It started life as an off-hand offer of $30,000, and has since captivated a community, spreading and growing like a vine into a crucial community project now entangled into issues far beyond its modest boundaries.
It was last year that then Port Blakely chief Alan Boeker said his company would be interested in paying for a mountain bike park of some description in the Issaquah Highlands. It was an offering, a sweetner, in controversial negotiations Boeker was involved in to bring a gas station to the Highlands. The $30,000 was little more than a bar napkin number he plucked out of the air. But it stuck.
And while the gas station has been put on the shelf for the time being, the mountain bike skills park idea has very much taken root, working its way onto the bargaining table between the City of Issaquah and Port Blakely over the much-anticipated Park Pointe Transfer of Development Rights (TDR) deal.
Despite the impressive support of the local mountain biking community, it appears the mountain bike skills park idea may have grown too big for its boots. At a meeting of the Major Development and Growth Committee (MDGC) on Monday night, committee members found themselves looking at a $150,000 plan that far exceeded the city’s own commitment and that of Port Blakely.
There is no doubting it would be a great asset – there is precious little for 10 to 15-year-olds to do in the Highlands once they outgrow the climbing wall and frisbee in the park with mom. But as MDGC member and city councilor Fred Butler pointed out, the blueprints need to match the budget.
“If we have $30,000 we should have a $30,000 plan,” he said. “We shouldn’t be talking about $150,000.”
The plan that Major Development Team lead Keith Niven put together in conjunction with the mountain bike community, particularly Highlands resident Tony Cowan, includes modest jumps and berms, a car park with 40 spaces, a stormwater detention and settling pond, a shelter and drinking fountain, and a four foot fence to keep mountain bike activities in the mountain bike park. The park would also connect with local and regional trails, including one leading to the much larger Duthie Hill Mountain Bike Park a few miles to the northeast.
As Niven pointed out, $30,000 would not pay for any of the park’s physical amenities, only the salary of a project coordinator. But the mountain bike community has proven they can do much with little – the construction at Duthie Hill was made possible by hundreds of thousands of dollars in donated labor and materials, in addition to about $200,000 in folding money from King County. The skills park in the Highlands would be akin to a golf driving range in comparison to Duthie’s Pebble Beach.
Cowan told the MDGC he had received a partial commitment from King County they would add $20,000 to Port Blakely’s $30,000.
“I don’t want to build fake expectations,” Butler said. “We want to go into this knowing the parameters.”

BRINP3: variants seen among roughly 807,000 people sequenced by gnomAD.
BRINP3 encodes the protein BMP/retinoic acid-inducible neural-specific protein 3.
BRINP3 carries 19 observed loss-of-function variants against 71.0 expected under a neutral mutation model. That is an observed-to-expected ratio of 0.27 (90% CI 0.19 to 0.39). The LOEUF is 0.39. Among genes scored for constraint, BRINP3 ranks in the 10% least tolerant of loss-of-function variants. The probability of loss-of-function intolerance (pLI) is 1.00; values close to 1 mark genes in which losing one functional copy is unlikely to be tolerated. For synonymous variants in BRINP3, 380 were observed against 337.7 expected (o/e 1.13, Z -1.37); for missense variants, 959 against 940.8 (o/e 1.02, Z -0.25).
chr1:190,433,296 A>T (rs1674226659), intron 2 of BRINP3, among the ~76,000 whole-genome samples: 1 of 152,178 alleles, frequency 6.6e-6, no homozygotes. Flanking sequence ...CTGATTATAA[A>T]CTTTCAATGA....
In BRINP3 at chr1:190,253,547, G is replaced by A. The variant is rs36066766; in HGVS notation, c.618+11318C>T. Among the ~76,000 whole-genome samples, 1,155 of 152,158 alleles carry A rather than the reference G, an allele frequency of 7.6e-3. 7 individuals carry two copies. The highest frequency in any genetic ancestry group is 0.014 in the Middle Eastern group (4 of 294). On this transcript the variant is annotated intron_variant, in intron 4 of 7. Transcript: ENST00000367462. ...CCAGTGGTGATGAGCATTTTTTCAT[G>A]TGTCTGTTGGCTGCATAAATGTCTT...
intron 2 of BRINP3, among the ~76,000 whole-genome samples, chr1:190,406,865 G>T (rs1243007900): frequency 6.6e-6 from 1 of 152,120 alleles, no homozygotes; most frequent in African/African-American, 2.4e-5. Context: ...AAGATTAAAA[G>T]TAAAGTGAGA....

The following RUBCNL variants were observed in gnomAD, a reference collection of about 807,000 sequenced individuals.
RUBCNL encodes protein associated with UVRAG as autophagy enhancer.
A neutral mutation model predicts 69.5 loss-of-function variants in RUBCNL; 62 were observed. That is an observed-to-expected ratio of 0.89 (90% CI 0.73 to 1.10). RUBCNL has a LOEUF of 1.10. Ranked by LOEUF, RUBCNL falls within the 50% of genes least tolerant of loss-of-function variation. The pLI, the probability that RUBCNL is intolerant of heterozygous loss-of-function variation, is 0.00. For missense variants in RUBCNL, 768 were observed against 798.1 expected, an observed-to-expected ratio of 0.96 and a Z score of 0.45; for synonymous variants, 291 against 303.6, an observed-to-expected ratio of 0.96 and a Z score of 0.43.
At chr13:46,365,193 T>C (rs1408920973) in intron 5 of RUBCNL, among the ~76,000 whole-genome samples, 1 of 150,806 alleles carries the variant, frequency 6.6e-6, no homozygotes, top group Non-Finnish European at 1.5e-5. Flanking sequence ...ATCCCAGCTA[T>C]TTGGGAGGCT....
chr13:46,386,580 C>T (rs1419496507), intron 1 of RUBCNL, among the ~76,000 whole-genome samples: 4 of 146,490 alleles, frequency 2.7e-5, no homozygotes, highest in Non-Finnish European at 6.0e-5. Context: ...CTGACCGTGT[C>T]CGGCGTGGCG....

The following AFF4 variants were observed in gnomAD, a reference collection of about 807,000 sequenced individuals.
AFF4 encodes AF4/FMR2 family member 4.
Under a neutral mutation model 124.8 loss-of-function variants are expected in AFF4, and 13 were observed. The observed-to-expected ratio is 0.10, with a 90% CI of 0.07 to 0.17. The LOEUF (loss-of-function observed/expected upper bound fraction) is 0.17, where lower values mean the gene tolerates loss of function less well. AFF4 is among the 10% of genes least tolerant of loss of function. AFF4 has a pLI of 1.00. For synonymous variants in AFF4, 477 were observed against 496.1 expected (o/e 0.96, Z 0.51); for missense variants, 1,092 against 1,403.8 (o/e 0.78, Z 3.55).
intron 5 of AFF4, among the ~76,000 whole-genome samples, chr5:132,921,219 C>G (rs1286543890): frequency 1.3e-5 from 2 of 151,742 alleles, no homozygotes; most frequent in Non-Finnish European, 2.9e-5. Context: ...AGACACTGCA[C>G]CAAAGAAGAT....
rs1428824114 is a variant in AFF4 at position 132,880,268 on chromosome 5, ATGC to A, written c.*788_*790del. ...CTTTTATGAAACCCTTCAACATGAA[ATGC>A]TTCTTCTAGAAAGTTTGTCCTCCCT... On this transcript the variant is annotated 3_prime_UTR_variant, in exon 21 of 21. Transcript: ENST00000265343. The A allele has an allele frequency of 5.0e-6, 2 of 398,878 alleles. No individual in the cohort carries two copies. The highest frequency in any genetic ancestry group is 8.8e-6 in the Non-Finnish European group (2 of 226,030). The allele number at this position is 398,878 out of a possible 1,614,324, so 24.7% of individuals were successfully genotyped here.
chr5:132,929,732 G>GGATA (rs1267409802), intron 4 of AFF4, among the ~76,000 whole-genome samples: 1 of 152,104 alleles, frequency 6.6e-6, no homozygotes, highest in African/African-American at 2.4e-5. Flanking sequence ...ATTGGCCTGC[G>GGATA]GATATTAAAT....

One problem is that these parameters are still undefined, and rest largely with how the TDR deal works out. Although Kirk has committed the $30,000 to a mountain bike facility regardless of what happens with the TDR, it is details of the land swap, particularly King County’s input, that will decide crucial elements such as who might pay for a parking lot that would also serve regional trails and parks operated by the county.
Recognizing the task that Niven has ahead of him of putting together a workable TDR deal before a March 2011 deadline, the MDGC suggested removing any intricate details about a mountain bike facility from the TDR deal, and leaving in its place just Port Blakely’s financial commitment. There is a sense it would be pointless to jeopardize a multi-million dollar deal involving almost 200 acres, over minutiae. Kirk seemed to agree, stating Port Blakely was not interested in being involved in planning the park.
“We have no control over the scope,” he said. “Whatever you decide to do, we’re willing to contribute $30,000.”
Worth mentioning was the presence of half a dozen mountain bikers at the meeting, demonstrating the level of support for the project in the community.
Chad Black, a resident of Klahanie and a member of the Evergreen Mountain Bike Alliance team that helped build the Duthie Hill mountain bike park, said a facility in the Highlands would give young people a recreational option they desperately needed. Black said during the construction at Duthie Hill, he witnessed first hand the energy of young riders to create somewhere they could ride, be with friends, and stay active.
“You can’t get kids to take out the garbage, but you can get them to pick up a shovel and held build a bike park,” he said.
Jason Goff, store manager of Veloce Velo bike shop in Issaquah, echoed the sentiments of councilors Tola Marts and John Traeger that a strong mountain biking culture would be good for business in the city.
But even the man who has driven the idea of a park from the very beginning, Tony Cowan, recognized there was a need to make sure the vision matched the capacity.
“What we have here is a much bigger undertaking than what I envisioned,” he said. As some relief to questions about whether the park would attract more cars, given the parking issues emerging at Duthie Hill, to an area already aware of looming congestion problems, Cowan said he expected the majority of users would be children and teenagers from the Highlands.
“I think Duthie Hill and the skills park would compliment each other, but I don’t think the same people would use both,” he said. “We are talking about young kids, older people too, who are looking for an introduction to mountain biking, who don’t want to risk life and limb. I see them pedaling over from their homes in the neighborhood.”
Residents wanting to hear more about the mountain bike skills park, and the broader TDR, should attend the open house at Blakely Hall Aug. 4, from 6:30 p.m.